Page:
Rebels free Colombian ex-lawmaker, key step to peace talks
BOGOTA, Colombia (AP) — Colombia's second-largest rebel group on Thursday freed a captive former congressman whose release was a key condition for the start of peace talks with the government.
The National Liberation Army turned Odin Sanchez over to a humanitarian commission including members of the International Committee of the Red Cross.
President Juan Manuel Santos has made Sanchez's release a condition for starting long-delayed peace talks with the group known as the ELN. A peace deal with the much larger Revolutionary Armed Forces of Colombia is now being implemented.
"Finally this nightmare is over," Patrocinio Sanchez, a brother of the politician, told The Associated Press as he waited at an airport in the western city of Quibdo for the arrival of the helicopter carrying his brother to freedom.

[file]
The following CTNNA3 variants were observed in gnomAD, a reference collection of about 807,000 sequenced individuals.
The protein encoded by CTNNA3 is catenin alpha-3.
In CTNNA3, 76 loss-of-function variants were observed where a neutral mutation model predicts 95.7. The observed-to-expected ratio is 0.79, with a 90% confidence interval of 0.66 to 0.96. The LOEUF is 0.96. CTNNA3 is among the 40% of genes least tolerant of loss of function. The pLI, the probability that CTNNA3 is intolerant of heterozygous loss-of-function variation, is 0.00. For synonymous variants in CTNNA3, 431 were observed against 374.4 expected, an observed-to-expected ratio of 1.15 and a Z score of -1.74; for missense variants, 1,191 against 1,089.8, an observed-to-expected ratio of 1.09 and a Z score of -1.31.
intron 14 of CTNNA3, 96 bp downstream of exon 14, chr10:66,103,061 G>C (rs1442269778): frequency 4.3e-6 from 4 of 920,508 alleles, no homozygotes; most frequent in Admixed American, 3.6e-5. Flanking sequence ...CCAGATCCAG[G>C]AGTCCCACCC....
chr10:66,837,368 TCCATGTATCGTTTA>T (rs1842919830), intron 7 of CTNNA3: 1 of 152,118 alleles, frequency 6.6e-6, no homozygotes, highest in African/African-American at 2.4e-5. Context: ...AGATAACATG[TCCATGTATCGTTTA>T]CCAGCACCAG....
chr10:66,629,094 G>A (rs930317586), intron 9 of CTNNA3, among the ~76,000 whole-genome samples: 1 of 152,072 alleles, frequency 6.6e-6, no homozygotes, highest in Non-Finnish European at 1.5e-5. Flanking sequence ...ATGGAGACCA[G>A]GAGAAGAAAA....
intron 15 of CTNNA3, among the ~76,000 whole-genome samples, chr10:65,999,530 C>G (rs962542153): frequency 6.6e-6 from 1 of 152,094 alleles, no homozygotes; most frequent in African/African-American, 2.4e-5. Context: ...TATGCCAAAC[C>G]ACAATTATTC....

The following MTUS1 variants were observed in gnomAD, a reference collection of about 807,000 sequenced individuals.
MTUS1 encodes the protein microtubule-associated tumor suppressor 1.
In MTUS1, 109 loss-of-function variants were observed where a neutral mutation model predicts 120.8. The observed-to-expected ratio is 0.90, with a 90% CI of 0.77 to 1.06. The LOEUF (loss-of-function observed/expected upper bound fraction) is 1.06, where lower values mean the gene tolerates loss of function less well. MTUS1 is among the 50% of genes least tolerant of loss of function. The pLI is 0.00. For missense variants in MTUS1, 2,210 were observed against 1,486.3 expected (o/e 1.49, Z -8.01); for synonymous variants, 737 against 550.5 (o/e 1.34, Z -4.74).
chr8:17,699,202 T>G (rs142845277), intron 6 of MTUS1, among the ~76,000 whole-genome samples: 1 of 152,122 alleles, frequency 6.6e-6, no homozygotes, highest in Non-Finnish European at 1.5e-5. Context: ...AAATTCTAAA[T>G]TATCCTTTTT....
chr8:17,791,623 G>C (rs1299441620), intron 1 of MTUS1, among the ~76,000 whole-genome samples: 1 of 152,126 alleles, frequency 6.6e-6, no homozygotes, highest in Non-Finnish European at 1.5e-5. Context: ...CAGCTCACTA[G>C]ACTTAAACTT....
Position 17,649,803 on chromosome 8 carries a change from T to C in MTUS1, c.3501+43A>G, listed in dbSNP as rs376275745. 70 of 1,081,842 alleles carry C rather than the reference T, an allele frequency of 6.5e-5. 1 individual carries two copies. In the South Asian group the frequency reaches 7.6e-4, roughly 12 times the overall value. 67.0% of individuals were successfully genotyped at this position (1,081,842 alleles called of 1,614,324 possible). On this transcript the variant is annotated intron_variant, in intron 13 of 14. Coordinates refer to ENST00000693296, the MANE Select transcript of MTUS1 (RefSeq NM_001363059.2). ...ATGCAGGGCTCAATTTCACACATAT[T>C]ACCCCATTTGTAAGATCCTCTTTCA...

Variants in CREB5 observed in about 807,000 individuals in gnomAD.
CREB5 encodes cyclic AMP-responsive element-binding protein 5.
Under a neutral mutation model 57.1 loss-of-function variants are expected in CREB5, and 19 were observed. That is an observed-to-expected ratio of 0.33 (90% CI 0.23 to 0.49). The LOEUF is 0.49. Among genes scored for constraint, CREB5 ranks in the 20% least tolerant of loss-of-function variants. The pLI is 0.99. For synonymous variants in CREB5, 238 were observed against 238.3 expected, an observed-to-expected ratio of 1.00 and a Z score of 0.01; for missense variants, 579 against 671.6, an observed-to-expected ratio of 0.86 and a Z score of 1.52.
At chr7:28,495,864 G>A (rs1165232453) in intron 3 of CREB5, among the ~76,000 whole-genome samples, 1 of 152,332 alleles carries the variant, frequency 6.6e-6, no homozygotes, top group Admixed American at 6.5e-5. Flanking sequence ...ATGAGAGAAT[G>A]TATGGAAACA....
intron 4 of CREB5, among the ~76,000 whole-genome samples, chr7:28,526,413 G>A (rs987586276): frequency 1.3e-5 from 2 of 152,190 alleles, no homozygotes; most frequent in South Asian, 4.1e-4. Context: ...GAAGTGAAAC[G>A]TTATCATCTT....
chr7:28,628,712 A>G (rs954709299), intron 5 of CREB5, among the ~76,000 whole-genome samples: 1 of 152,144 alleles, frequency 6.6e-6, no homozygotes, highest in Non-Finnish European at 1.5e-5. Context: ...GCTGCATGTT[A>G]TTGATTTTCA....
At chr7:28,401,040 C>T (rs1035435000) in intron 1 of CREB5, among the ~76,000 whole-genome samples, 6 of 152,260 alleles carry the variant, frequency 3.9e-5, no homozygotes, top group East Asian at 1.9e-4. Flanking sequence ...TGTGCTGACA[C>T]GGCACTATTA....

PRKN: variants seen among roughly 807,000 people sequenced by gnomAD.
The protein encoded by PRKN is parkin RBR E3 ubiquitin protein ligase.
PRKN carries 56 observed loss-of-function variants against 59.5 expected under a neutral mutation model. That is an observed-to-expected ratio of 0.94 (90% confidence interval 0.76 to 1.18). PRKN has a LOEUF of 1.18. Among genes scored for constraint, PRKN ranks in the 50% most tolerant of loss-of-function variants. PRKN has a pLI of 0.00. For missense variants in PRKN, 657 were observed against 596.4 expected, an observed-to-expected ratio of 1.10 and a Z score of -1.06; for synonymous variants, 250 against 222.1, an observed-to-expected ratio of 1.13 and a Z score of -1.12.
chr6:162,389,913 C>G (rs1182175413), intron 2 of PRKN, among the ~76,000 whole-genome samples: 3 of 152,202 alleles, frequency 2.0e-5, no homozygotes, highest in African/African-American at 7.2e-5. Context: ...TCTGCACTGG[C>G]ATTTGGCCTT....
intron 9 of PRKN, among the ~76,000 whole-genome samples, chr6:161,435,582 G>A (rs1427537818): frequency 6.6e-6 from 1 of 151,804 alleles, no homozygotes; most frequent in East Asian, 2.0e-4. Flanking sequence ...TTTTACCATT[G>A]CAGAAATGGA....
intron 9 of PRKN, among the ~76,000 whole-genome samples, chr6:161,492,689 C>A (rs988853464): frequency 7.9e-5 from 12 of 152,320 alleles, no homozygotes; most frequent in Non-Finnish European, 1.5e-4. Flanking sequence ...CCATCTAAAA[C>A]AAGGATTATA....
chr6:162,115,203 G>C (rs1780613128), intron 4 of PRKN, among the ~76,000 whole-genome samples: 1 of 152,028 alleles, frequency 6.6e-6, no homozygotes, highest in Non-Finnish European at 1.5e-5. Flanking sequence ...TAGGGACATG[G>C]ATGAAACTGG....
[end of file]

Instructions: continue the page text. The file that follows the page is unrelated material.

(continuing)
The ELN and government have been holding exploratory peace talks for more than three years. Almost a year ago they announced the start of formal negotiations.
But those talks were frozen before getting off the ground after the ELN announced last April it was holding Sanchez, who had agreed to a shocking swap to free his ailing brother, who had been taken captive by the guerrillas a few months earlier.
Last month, the government and ELN hammered out a deal to start peace talks with the rebels committing to free Sanchez in exchange for the government's releasing of two jailed ELN leaders, which took place last week.
With both sides having apparently fulfilled their commitments, the public phase of the peace process is set to begin next week in Ecuador.
Nobody is expecting a quick deal however.
While much smaller than the FARC, the Cuban-inspired ELN is seen as more ideologically entrenched and has a decentralized decision-making structure that may make it harder to reach consensus among its 1,500 fighters.